Justice Department Executes Man for Murder Committed When He Was 18

By Hailey Fuchs

Despite a high-profile clemency campaign by allies of President Trump, the administration executed Brandon Bernard by lethal injection for his role in the 1999 crime.

Brandon Bernard, the ninth man executed by the federal government since July, spent more than half his life on death row. He was convicted for his role in the murders of two youth ministers in 1999, when he was 18.
Brandon Bernard, the ninth man executed by the federal government since July, spent more than half his life on death row. He was convicted for his role in the murders of two youth ministers in 1999, when he was 18.Credit...EPA, via Shutterstock

WASHINGTON — Despite a high-profile clemency campaign, the Justice Department executed Brandon Bernard by lethal injection on Thursday for his part in a 1999 double murder-robbery when he was 18.

Mr. Bernard, the ninth man executed by the federal government since July, spent more than half his life on death row. Though several of his accomplices in the plot who were younger than 18 were sentenced to time in prison, Mr. Bernard, a legal adult at the time of the crime, was eligible for the federal death penalty.

In his final days, supporters of Mr. Bernard, now 40, pleaded with President Trump to grant him clemency. Because he was a teenager at the time of the murders, his case revived questions about imposing the death penalty on young inmates convicted of violent crimes.

Mr. Bernard was the second federal inmate to be executed since Election Day and one of six scheduled for execution by the Trump administration during the lame-duck period before President-elect Joseph R. Biden Jr. takes office next month. In a break with Mr. Trump, Mr. Biden has said he will work to end the federal death penalty.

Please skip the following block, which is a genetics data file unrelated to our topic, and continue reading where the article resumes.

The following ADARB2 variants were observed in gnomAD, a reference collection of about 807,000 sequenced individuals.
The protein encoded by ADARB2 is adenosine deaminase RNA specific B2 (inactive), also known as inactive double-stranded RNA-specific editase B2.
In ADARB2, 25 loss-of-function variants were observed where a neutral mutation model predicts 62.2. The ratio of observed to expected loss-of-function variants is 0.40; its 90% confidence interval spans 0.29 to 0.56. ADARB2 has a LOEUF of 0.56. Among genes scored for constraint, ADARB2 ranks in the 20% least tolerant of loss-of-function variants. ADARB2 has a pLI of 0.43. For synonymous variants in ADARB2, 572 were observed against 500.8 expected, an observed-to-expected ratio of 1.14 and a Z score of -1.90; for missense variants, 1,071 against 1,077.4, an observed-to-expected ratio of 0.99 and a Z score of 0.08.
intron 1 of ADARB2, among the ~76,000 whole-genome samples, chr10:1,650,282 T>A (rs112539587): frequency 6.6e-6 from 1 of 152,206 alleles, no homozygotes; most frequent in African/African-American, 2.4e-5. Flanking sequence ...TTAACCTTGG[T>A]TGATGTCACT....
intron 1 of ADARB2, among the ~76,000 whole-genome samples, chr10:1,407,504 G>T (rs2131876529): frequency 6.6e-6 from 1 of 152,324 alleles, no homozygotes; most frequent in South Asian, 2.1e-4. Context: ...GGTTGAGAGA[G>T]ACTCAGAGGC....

Among his final words, Mr. Bernard apologized to the family of the couple he had killed and for the pain he caused his own family, according to a report from a journalist in attendance. For his role in their deaths, he said, “I wish I could take it all back, but I can’t.”

“I’m sorry,” he said, looking at the witness room windows. “That’s the only words that I can say that completely capture how I feel now and how I felt that day.”

Mr. Bernard did not appear outwardly afraid or distressed as he spoke. A minute after the lethal injection began, his eyes slowly closed, and his breaths became increasingly shallow, the report noted.

He was pronounced dead at 9:27 p.m. at the federal prison complex in Terre Haute, Ind., the Bureau of Prisons said.

The mother of one of the victims, Georgia A. Bagley, in a statement with family and friends, thanked Mr. Trump and the Justice Department. She called the crime “a senseless act of unnecessary evil.”

“It has been very difficult to wait 21 years for the sentence that was imposed by the judge and jury on those who cruelly participated in the destruction of our children, to be finally completed,” Ms. Bagley said in the statement.

After the execution, Ms. Bagley told reporters that she forgave Mr. Bernard and his accomplice, Christopher Vialva, who was executed in September, saying the apology “helped very much heal my heart.”

Alan Dershowitz and Ken Starr, who served as members of Mr. Trump’s defense team during his impeachment trial, formally joined Mr. Bernard’s defense team on Thursday and asked the Supreme Court to delay his execution.

In an interview, Mr. Dershowitz said he spoke with the White House about Mr. Bernard’s case. Ultimately, the president declined to act.

The Supreme Court also denied Mr. Bernard’s application for a stay on Thursday, with the three more liberal justices indicating that they would have granted the stay.

Supporters had sent hundreds of thousands of letters to Mr. Trump to call for Mr. Bernard’s clemency, his defense team said Thursday afternoon. Kim Kardashian West, who has successfully lobbied Mr. Trump for clemency in another case, publicly called on the president to spare Mr. Bernard’s life.